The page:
Under Review: ‘Conan the Barbarian’


Today, two remakes from the ’80s will hit theaters nationwide, one being the reboot of the Arnold Schwarzenegger classic “Conan the Barbarian” and the other “Fright Night.”

I was fortunate to view both. However, when I watched “Fright Night” it was a test screening and the visual effects weren’t completely finished. Adam Poynter, who viewed the final cut of the classic horror flick the other evening, will share his thoughts on that film shortly — definitely stay tuned for that. As for “Conan the Barbarian,” I viewed it Wednesday evening and I am surprised to report I had a good time. Granted, I expected the sandal and sword film to be absolutely abysmal – so my expectations were set pretty low. I mean, how could the reboot possibly hold up to the original?

Most of us familiar with the original were miffed when Lionsgate announced a remake was in development. Further more, when it was learned Jason Momoa, a somewhat unknown actor, would be welding Conan’s sword, message boards were aflame with negativity. “He’s not buff enough,” some said. “Conan wasn’t Black” others guffawed. Well, neither is Momoa. He is of Hawaiian, German, Irish and Native American descent and looks closer to what author and creator Robert E. Howard envisioned. Then of course there’s the famous Frank Frazetta painting, which doesn’t look like Arnold Schwarzenegger.

Even still, I was skeptical. The initial trailer didn’t sell me. It was terribly produced and Momoa looked too soft. Yet, I was still interested because of the supporting cast, which included Stephen Lang, Rose McGowan and the amazing Ron Perlman. Fine, I guess I’m there. As I sat in the center of the theater, I eavesdropped on a few conversations. Surprisingly those around me were excited about the film – and with good reason. Thanks to a small little HBO series called “Game of Thrones,” between the time the first “Conan” advertisements debuted online to now, Jason Momoa’s popularity has jettisoned. In “Thrones,” Momoa played the powerful Dothraki warlord Khal Drogo and it is because of his strong performance, some of the naysayers began to think that perhaps Momoa could indeed hold his own. And he certainly does.

Although Momoa’s portrayal of Conan is different than Schwarzenegger’s, he’s far from weak. He’s lethal and just like Arnold back in the day, certainly not bad to look at. Momoa’s fearless characterization of Conan should please many and his physique should make women swoon in their seats. As for the star’s acting. Lets be clear, “Conan the Barbarian” isn’t “The King’s Speech.” Range isn’t a requirement nor is it necessary. The only prerequisite is to kick serious ass and Momoa does so with reckless abandon.

Leo Howard’s terrific conveyance of a young Conan was a fantastic precursor to what we are in for once the Cimmerian warrior becomes an adult. Howard, who some may remember as young Snake Eyes in G.I. Joe, is just as fearless as Momoa. He’s basically a male Chloe Moretz and one to keep tabs on in the future. None other than the awesome “Hellboy” actor Ron Perlman plays Conan’s father, Corin. It’s hard to believe the man is 61-years-old. Perlman could pass for his late forties. Her certainly doesn’t fight like a retiree. Perhaps action films keep him young.

Corin of course has an enemy. A wicked man named Khalar Zym (Stephen Lang) who, with his army of thousands, attacks Cimmeria. At Zym’s side is his equally evil daughter Marique (Ivana Staneva and Rose Mcgowan). The diabolical pair slaughters the village in order to acquire a missing piece to a sacred mask, which happens to be in Corin’s possession. By now, you’ve probably guessed what eventually happens to Conan’s father and what sets Conan on a course for revenge. Skip forward 15 years and we see an adult Conan (Momoa) traveling with Pirates. Eventually, the love interest is introduced and of course she’s beautiful and fair – and also the exact opposite of Conan. It so happens that Tamara, (Rachel Nichols) who lives a simple and non-violent life in a monastery, is wanted by the same duo that wreaked havoc on his Conan’s home.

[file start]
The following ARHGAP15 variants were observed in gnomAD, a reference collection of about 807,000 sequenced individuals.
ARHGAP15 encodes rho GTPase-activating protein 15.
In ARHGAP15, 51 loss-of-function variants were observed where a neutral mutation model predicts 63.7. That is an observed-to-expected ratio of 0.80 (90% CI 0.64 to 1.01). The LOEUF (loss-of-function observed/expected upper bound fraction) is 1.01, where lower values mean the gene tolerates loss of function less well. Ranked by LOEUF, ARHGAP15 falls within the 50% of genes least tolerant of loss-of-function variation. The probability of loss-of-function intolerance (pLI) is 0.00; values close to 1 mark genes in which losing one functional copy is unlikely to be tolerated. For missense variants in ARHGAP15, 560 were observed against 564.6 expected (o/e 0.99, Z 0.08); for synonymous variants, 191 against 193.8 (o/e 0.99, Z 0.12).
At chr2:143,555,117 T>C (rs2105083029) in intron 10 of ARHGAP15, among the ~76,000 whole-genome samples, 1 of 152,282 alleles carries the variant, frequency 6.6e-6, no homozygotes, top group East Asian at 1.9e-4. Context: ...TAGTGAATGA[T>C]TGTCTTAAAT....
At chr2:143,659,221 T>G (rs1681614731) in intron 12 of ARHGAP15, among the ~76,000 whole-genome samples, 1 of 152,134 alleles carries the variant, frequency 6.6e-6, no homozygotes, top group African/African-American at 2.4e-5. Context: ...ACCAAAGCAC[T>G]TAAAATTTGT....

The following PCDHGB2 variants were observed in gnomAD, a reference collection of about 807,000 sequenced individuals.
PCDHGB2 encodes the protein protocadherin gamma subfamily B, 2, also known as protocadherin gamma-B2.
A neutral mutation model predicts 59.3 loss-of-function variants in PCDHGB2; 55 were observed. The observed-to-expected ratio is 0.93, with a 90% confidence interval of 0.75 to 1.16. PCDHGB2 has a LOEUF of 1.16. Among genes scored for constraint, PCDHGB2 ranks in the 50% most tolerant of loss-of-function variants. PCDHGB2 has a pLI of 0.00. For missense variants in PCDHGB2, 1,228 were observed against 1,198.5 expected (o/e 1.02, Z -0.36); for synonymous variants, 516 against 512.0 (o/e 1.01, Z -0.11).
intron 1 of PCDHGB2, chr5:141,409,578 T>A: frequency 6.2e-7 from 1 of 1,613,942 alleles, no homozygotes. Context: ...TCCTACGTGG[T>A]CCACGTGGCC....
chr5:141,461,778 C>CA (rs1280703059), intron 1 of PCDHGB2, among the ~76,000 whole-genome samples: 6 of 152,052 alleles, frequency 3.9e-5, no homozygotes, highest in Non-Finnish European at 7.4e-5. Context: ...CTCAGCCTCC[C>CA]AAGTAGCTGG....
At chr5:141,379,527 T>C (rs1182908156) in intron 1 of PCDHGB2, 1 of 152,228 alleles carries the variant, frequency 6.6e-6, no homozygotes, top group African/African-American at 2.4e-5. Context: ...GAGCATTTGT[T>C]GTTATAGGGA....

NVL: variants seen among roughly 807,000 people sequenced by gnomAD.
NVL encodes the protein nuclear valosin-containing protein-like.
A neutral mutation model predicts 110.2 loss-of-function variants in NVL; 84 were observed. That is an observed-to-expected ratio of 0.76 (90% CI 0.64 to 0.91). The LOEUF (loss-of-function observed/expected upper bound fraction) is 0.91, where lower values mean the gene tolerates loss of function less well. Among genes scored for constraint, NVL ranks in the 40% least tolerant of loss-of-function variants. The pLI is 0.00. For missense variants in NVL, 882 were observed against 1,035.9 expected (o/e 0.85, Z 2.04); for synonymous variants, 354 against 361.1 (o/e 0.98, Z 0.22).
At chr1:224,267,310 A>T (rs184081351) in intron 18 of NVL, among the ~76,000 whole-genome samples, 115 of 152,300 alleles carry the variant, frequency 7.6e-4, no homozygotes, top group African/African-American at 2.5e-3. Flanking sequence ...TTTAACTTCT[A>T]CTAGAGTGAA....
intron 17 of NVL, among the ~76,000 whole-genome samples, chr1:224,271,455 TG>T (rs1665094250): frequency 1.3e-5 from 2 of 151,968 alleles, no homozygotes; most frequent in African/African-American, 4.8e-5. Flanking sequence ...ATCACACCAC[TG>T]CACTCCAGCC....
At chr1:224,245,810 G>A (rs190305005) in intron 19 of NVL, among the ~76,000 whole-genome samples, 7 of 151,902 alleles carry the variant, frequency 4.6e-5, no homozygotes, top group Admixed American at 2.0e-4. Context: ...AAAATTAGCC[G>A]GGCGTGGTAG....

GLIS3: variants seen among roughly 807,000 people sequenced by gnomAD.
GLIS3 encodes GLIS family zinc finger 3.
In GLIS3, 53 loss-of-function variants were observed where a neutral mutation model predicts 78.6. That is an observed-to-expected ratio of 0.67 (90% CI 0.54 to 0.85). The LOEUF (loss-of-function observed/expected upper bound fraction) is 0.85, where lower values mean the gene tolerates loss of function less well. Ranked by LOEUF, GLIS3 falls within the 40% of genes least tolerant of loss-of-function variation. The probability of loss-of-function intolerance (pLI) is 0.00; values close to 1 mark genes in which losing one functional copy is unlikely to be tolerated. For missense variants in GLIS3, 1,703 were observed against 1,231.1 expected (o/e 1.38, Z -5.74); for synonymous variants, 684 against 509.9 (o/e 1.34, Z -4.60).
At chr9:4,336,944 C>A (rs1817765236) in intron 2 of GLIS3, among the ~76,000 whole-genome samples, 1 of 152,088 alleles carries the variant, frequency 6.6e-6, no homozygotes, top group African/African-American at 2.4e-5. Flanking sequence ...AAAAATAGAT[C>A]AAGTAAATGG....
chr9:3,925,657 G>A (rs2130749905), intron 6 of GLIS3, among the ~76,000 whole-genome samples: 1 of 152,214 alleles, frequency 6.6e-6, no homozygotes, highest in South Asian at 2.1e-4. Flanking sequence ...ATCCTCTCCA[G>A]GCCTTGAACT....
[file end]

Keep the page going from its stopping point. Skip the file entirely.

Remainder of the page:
Eventually, the beauty and the warrior cross paths and align themselves together since they both have a common goal – to stop Zym and his daughter. As to remind us we are definitely watching a “Conan” film, there is a sex scene between Momoa and Nichols and plenty of topless nudity. But not to worry ladies, there’s something in it for you.

Like the first two Conan’s there’s plenty of misogyny to go around, but at least in this installment, its certainly tongue and cheek. In fact, I smirked when Conan tells Tamara to be quiet and ordered her around because of Nichols delivery. She’s no delicate flower. Not by any means, yet she’s not a warrior princess either.

Now onto the action. There’s a lot of it and it’s exhausting. This is not a complaint mind you; it’s what I expected. Blood flies everywhere, heads are cut off and so is a guy’s nose. This “Conan the Barbarian” is without a doubt the most violent of all the films. So don’t take your 8-year-old along. It’s not for them.

Ultimately, this film delivers. Is this version better than the original? I don’t think so, but it’s worth checking out. Momoa is a welcome addition to the franchise and as the credits rolled I was ready for another chapter. Just go in knowing the film is absurd and, like me, you’ll have a good time

“Conan the Barbarian” — directed by Marcus Nispel and starring Jason Momoa, Ron Perlman, Stephen Lang and Rose McGowan — is in theaters today.

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